Typical implementations of standard video compression algorithms use variance-based perceptual masking to adaptively vary the degree of compression noise to video content; the idea being that the human visual system is more sensitive to errors in low variance regions of the image. On a similar note, quality assessment algorithms employ similar spatial-frequency adaptive measures to judge compressed video quality. Such simplistic analysis leads to problems when we encounter "clean edges" in video (for example, text) which although classified as high frequency
areas, are still very sensitive to compression noise. Such discrimination between "good" and "bad" texture is particularly important for low bit rate, internet video transmission.
In this paper we will propose a novel, computationally simple scheme which further distinguishes between "clean" and "random" edges. By comparing the proposed algorithm with other standard texture classification schemes in literature, we will show that we obtain a substantial improvement in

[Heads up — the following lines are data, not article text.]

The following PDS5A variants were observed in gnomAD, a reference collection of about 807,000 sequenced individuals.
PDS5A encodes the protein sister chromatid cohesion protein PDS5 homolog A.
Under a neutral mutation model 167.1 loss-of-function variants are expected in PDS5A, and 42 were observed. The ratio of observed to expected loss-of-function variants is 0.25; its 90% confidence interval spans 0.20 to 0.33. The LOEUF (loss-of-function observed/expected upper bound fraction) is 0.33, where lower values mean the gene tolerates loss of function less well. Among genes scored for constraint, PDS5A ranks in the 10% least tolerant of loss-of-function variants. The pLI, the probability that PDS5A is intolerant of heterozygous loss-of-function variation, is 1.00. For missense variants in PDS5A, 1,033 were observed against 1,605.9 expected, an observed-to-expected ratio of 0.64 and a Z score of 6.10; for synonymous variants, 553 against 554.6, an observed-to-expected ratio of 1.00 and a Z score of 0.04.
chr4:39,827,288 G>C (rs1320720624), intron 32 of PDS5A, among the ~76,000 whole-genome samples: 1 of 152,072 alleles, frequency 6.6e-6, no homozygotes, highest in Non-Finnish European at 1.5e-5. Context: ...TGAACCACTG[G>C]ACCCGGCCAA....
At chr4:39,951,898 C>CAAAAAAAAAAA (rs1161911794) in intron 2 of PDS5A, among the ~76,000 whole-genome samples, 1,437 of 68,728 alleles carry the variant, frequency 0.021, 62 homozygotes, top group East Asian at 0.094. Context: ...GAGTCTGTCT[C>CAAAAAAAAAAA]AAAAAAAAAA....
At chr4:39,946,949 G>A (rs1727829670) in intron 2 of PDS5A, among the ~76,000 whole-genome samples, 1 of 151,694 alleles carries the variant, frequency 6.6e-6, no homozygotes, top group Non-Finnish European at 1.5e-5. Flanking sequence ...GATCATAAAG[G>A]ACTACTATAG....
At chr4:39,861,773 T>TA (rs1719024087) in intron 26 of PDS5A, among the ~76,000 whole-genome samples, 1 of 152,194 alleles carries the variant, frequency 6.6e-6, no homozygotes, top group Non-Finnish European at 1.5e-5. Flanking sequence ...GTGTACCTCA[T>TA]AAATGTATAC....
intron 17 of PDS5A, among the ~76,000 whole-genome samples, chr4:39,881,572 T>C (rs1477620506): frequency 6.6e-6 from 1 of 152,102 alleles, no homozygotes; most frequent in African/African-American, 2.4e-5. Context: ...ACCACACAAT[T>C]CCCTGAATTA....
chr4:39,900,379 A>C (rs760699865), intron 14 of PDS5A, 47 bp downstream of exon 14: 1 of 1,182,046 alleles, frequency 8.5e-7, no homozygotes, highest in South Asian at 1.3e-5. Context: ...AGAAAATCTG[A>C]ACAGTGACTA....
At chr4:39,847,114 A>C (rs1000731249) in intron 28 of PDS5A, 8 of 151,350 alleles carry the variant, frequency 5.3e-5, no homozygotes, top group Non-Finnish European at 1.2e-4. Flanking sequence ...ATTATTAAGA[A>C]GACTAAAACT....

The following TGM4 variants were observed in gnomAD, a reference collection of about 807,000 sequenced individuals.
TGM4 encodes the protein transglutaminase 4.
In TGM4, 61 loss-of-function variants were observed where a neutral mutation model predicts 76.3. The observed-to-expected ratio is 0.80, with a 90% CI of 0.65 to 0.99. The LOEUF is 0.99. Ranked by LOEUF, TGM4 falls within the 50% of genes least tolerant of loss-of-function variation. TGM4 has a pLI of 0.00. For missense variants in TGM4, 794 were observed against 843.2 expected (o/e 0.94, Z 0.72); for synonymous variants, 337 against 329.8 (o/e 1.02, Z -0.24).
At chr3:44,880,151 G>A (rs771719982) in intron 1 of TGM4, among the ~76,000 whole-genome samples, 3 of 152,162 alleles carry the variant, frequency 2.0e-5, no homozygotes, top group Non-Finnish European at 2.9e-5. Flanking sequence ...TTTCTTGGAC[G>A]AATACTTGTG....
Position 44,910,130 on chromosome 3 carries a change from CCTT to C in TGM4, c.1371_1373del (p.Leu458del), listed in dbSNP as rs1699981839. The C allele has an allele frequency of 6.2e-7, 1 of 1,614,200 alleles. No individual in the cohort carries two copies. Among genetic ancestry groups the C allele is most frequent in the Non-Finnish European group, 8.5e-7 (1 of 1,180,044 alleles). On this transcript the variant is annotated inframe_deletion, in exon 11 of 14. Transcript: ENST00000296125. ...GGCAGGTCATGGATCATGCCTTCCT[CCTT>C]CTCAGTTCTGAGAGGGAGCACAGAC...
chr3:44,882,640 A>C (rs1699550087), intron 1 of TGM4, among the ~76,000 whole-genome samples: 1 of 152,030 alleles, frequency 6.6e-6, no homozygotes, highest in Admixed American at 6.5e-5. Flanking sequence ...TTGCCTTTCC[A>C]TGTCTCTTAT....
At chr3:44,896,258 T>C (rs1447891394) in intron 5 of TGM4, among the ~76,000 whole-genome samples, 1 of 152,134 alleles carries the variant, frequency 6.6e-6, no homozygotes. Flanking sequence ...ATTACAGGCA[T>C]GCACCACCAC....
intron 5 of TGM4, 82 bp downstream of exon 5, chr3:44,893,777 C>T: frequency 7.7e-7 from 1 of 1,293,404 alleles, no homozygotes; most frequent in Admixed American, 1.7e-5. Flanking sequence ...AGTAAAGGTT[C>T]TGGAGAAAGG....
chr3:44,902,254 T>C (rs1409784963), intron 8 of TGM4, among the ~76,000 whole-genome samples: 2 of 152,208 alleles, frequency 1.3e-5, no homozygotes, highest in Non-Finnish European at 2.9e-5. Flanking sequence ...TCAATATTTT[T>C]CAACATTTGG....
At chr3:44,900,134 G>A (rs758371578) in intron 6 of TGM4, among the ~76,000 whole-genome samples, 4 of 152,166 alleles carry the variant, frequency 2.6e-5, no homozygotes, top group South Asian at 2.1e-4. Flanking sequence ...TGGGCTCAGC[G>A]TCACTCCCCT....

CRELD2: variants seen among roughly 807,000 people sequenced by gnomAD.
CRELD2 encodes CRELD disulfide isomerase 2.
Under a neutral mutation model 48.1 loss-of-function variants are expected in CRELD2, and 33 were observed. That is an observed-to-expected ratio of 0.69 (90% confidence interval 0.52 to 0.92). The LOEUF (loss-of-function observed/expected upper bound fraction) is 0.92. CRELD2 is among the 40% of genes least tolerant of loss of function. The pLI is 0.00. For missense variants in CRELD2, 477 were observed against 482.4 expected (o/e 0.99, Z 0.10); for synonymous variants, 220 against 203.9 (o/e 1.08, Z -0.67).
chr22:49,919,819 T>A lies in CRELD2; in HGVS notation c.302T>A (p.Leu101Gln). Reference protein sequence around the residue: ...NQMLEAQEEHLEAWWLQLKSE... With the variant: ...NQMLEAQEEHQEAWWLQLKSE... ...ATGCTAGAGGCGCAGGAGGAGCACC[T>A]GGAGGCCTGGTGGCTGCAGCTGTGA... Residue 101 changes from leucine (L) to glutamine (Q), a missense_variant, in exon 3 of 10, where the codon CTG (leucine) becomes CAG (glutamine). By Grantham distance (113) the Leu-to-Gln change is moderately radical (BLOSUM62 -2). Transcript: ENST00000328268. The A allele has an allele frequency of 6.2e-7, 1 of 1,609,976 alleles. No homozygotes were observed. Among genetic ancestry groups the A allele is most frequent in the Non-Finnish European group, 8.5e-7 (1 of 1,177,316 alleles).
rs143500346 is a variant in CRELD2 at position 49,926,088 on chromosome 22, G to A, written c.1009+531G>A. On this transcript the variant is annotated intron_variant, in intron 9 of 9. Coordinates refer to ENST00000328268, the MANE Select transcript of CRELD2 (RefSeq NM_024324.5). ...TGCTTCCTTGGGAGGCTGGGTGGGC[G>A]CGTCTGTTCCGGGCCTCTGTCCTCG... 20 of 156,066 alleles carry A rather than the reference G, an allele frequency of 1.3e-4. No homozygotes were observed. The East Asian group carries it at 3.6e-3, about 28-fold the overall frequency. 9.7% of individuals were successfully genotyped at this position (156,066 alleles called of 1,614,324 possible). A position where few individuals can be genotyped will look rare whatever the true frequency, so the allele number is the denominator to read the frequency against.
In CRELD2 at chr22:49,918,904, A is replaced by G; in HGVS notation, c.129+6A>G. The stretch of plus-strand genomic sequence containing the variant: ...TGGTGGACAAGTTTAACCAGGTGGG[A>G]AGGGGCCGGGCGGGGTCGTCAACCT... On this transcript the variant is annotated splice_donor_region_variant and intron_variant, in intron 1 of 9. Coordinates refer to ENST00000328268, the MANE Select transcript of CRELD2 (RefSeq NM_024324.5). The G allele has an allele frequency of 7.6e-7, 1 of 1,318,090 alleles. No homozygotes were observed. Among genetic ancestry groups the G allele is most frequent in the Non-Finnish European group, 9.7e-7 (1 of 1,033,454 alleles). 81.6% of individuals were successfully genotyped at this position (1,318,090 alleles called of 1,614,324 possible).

discriminatory ability, albeit at a much lower computational cost. Further more, we will show that the proposed scheme can be applied on a per macro-block basis, thus making it particularly suitable to drive standard, block based video compression algorithms such as H.261/3 or MPEG-1/2 which are quite popular.